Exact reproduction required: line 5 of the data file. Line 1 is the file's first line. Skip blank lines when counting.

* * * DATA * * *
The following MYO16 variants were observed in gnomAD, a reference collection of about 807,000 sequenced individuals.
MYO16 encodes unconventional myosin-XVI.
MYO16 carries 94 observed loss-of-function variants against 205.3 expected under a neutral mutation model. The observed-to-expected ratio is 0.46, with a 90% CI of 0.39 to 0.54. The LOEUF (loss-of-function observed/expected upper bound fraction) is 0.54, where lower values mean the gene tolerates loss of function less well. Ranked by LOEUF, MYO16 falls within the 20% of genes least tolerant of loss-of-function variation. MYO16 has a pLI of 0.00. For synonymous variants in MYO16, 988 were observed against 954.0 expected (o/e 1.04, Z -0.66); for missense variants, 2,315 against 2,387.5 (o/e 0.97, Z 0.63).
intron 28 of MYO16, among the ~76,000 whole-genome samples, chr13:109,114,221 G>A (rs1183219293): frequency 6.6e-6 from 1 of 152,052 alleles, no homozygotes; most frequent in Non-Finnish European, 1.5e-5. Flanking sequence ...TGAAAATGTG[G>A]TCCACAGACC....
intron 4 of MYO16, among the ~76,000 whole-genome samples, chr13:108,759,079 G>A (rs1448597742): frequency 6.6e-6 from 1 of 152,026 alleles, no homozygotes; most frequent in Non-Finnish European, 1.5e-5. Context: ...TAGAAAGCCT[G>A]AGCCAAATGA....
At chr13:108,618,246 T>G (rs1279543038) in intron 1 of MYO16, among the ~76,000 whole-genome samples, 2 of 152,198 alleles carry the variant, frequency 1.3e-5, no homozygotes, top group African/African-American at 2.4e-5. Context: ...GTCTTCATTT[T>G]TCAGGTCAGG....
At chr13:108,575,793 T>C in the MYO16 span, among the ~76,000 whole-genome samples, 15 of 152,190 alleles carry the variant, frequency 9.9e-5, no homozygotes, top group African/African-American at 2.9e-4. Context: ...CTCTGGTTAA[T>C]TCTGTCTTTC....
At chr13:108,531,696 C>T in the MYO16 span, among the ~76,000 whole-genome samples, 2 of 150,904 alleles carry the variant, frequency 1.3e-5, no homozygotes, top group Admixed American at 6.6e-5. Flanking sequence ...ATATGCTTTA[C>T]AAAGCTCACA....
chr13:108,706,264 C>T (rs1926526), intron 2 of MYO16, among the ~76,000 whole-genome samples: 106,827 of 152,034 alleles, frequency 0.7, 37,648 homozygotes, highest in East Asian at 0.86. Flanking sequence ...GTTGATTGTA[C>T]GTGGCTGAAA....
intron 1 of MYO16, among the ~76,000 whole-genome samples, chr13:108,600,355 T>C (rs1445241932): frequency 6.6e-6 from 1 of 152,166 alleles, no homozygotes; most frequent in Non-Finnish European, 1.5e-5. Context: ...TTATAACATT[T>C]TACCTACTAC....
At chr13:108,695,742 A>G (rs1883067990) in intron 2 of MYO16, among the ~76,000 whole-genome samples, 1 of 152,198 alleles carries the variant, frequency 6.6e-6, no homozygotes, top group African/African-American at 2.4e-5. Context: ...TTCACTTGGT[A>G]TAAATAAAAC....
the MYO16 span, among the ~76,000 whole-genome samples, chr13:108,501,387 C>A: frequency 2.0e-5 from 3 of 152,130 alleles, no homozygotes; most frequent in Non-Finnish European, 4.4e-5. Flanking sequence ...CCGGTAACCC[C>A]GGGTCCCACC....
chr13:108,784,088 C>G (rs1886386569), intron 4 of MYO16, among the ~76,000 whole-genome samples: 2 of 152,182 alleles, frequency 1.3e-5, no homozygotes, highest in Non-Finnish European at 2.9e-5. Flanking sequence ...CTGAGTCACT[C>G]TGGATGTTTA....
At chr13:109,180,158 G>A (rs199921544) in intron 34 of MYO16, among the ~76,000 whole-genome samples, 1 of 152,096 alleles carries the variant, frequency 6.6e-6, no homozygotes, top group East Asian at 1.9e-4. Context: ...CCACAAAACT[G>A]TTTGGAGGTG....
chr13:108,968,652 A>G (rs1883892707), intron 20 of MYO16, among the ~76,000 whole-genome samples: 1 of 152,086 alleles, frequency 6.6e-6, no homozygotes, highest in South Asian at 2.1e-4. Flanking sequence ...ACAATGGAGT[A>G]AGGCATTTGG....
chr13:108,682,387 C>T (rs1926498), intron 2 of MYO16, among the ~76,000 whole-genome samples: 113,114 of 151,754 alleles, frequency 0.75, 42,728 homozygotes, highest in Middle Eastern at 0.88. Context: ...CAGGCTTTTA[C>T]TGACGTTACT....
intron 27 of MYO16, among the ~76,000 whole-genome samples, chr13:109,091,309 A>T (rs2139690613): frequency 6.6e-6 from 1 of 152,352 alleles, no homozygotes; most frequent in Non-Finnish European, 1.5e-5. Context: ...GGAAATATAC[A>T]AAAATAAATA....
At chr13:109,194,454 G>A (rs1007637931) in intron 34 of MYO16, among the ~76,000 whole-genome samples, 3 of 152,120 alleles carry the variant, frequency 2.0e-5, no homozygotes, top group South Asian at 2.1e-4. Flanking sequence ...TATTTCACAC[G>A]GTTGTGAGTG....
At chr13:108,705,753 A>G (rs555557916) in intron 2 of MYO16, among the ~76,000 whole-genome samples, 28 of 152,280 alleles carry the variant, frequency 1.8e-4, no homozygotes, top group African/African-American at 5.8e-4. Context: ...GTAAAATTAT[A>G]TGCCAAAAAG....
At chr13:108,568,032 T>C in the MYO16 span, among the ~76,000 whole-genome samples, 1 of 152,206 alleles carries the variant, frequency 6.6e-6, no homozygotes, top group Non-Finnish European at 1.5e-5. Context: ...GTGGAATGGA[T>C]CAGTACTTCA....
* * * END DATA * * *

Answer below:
intron 4 of MYO16, among the ~76,000 whole-genome samples, chr13:108,759,079 G>A (rs1448597742): frequency 6.6e-6 from 1 of 152,026 alleles, no homozygotes; most frequent in Non-Finnish European, 1.5e-5. Context: ...TAGAAAGCCT[G>A]AGCCAAATGA....